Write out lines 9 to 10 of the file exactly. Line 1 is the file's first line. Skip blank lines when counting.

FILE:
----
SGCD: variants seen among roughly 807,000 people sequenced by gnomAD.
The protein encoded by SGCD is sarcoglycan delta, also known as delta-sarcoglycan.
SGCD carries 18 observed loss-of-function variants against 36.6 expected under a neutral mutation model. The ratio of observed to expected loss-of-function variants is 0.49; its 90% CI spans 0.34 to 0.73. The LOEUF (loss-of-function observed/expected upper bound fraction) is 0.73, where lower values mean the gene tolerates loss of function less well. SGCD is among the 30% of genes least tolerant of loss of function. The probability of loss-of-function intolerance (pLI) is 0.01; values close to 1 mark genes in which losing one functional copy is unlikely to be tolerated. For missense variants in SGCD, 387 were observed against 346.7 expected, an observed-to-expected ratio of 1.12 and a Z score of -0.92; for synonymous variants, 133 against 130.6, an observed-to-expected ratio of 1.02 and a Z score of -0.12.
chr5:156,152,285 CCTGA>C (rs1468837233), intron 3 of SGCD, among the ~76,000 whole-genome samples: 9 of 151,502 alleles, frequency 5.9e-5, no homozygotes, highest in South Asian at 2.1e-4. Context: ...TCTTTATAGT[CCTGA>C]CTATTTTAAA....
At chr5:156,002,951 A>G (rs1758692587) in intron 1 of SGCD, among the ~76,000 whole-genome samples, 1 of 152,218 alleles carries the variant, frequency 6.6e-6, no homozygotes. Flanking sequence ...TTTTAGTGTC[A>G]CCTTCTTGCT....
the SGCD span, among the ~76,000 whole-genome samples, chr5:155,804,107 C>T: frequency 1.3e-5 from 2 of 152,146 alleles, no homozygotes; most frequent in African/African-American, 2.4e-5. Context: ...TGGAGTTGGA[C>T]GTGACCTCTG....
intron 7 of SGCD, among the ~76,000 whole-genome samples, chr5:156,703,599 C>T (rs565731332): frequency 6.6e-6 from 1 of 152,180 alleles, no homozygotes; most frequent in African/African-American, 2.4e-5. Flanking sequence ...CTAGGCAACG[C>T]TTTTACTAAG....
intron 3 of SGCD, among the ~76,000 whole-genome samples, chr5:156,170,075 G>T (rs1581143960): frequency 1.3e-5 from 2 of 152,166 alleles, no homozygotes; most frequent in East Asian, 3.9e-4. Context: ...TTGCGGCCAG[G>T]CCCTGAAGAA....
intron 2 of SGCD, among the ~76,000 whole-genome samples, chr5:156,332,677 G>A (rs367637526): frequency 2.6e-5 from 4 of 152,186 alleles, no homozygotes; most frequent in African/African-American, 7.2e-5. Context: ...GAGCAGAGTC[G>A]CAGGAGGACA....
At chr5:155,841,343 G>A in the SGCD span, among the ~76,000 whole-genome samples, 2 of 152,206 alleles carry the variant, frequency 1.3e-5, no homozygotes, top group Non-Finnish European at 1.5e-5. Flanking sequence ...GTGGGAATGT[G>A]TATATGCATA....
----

intron 2 of SGCD, among the ~76,000 whole-genome samples, chr5:156,332,677 G>A (rs367637526): frequency 2.6e-5 from 4 of 152,186 alleles, no homozygotes; most frequent in African/African-American, 7.2e-5. Context: ...GAGCAGAGTC[G>A]CAGGAGGACA....
At chr5:155,841,343 G>A in the SGCD span, among the ~76,000 whole-genome samples, 2 of 152,206 alleles carry the variant, frequency 1.3e-5, no homozygotes, top group Non-Finnish European at 1.5e-5. Flanking sequence ...GTGGGAATGT[G>A]TATATGCATA....